Autumn is always the start of my own fishing and I try to make the most of it. So after my last GREAT trip over to see my old mate Adam Fisher who runs Angling Dream and a few awesome stretches of the river, I just had to get back.
My time was limited yet even with just an evening and the following morning at my disposal, the 4-hour drive really eats into the time, I still felt like I had enough time to put a bait in front of a few fish…and hopefully another Wye double!
On arrival, I walked the river and baited a few likely looking swims. All deeper slower areas for this time of year. The plan was to only make a few cast in each and flick a few freebies over the top of the rig to hopefully draw fish into my hook bait. A small bag of mixed pellets helped make it impossible for the fish to NOT know it was there.
After a few cold nights I wasn’t expecting that much action but to my surprise, after just 5 minutes I had a wrap round resulting in a hard fighting 8.4lb barbel. I wasted no time at all in getting the rod back out. This time, however, as expected, I had to wait a while longer for the next fish to make a mistake, this one however felt like a totally different creature altogether. It stayed deep and instantly kited out into the middle and then headed upriver, all signs of a good fish. The rod was well into its fighting curve yet I still couldn’t get its head off the deck. Then out of nowhere, the line pinged off something and everything went slack for a split second. A few choice words nearly echoed through the Wye Valley. I’ve had this many times on the Wye, Severn and Trent. There are so many unseen snags that can just wash down with a little extra water and settle on what was originally a clear area. The key is not to panic and just wind down as quickly as possible to take up the slack and you should soon feel the resistance of the fish once again. If not, then cutoffs are also just one of those unfortunate things that can happen. Luckily in this case, everything held firm and I was once again taking the strain on what was obviously what I had come for. I was standing quite high up when I got my first glance of her and to be honest, she didn’t look that big at all but as I approached the water with the net and got closer to her, she grew and grew! As she glided over the net I saw the size of its mouth and in the back of my mind knew I had a very cool fish indeed. At 10lb 10oz its my second biggest Wye barbel and made me a VERY happy angler. I had a few more barbel and chub that evening but I couldn’t wait to try a new area early the next morning.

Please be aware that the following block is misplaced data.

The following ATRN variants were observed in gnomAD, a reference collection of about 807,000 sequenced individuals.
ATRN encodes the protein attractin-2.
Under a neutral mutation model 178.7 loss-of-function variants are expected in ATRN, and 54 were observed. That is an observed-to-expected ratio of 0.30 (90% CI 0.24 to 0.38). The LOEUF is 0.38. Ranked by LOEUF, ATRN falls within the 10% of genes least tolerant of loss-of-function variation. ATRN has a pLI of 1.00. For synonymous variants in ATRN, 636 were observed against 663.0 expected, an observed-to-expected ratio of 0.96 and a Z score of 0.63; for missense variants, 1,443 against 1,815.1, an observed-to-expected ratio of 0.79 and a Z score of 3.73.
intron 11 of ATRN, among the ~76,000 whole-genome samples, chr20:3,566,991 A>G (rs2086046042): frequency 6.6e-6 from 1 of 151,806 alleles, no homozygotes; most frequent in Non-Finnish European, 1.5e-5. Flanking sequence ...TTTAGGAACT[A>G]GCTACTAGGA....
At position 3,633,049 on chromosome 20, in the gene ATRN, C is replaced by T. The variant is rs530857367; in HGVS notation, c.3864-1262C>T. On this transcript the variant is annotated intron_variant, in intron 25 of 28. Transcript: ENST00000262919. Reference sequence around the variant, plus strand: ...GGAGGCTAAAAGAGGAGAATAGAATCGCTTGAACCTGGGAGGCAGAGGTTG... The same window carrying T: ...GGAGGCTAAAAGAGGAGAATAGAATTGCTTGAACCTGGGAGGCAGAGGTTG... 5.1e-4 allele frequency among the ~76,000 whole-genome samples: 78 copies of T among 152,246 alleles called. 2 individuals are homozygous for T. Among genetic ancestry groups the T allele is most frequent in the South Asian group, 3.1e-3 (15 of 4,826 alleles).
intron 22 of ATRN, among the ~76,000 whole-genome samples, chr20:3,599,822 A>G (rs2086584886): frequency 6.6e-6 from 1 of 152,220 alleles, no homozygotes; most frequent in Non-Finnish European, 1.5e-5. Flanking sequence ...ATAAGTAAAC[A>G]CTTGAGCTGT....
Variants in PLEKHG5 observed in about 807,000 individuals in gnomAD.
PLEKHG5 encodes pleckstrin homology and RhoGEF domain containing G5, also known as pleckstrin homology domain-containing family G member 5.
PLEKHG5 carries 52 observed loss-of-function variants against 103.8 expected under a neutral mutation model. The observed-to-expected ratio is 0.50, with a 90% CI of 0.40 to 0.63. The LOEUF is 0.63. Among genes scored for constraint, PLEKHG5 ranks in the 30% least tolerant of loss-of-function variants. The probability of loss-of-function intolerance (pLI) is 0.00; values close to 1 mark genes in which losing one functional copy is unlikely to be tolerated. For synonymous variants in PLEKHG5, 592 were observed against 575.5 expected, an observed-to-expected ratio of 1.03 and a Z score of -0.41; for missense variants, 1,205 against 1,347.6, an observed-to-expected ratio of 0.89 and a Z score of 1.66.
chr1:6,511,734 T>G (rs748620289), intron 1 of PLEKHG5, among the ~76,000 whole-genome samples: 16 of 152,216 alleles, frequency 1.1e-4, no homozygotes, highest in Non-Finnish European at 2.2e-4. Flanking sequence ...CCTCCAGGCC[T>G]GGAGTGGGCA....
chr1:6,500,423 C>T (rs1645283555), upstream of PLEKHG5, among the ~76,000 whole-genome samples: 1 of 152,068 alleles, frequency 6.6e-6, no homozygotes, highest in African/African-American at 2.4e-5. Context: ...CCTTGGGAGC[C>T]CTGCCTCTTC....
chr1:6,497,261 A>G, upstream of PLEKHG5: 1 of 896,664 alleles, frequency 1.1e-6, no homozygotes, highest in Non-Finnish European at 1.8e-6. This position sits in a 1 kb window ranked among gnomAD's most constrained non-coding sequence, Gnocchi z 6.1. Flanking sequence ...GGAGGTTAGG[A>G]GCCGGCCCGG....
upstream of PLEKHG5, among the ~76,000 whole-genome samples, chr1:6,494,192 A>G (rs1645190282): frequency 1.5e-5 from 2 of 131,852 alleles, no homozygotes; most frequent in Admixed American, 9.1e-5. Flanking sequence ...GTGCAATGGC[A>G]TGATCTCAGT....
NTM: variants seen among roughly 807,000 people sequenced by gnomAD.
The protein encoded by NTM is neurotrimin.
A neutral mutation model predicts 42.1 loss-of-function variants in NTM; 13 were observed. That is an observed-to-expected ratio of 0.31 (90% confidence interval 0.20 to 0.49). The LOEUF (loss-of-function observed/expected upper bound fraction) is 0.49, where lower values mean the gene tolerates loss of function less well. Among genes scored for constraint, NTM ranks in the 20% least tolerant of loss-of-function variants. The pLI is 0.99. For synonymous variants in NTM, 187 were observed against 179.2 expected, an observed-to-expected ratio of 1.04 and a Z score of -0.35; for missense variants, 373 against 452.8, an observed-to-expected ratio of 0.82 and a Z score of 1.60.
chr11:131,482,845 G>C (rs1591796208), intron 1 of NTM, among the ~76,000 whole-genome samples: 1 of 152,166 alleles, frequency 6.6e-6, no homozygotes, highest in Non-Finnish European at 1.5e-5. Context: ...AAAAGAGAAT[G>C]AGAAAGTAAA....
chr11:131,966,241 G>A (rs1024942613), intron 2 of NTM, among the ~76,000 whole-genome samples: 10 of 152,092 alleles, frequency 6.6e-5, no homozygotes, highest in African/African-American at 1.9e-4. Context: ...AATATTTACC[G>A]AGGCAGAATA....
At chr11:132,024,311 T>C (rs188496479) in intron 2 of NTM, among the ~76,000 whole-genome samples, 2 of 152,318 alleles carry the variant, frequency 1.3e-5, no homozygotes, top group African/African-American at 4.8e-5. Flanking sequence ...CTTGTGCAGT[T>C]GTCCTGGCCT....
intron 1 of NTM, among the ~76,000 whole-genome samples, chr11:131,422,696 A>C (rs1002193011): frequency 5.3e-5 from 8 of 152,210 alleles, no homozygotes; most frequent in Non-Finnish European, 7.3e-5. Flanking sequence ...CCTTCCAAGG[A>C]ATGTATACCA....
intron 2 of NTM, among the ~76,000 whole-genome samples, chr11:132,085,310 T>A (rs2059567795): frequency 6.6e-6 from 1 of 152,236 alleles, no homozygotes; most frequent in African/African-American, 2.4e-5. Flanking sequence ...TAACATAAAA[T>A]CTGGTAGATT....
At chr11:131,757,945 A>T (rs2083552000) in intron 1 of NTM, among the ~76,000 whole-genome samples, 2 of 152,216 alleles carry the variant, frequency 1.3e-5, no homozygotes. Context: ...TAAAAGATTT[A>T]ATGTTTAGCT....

As the sun rose and the mist lifted of the glorious river my 3oz gripper lead landed on the dance floor. I was only going to fish until the traffic had died down then I had to hit the road. A few chub kept me alert as they all nearly took the rod down river on the bite and last cast was fast approaching with no morning barbel. I made 3 more bags and told myself that if I hadn’t caught one by the end of those bags I was off. I'm not one to bore them into submission. I set myself a time and I win or lose! The fish made me wait until the second bag but it turned out to be well worth waiting for as another double soon slid into my waiting net!
Once again the river rewarded me for the effort of an 8 hour round trip for not far off the same amount of hours with a rod in the water. Sadly, that’s my second and last barbel trip to the Wye for the year. Off to pastures new for my next few adventurers and maybe a few different species!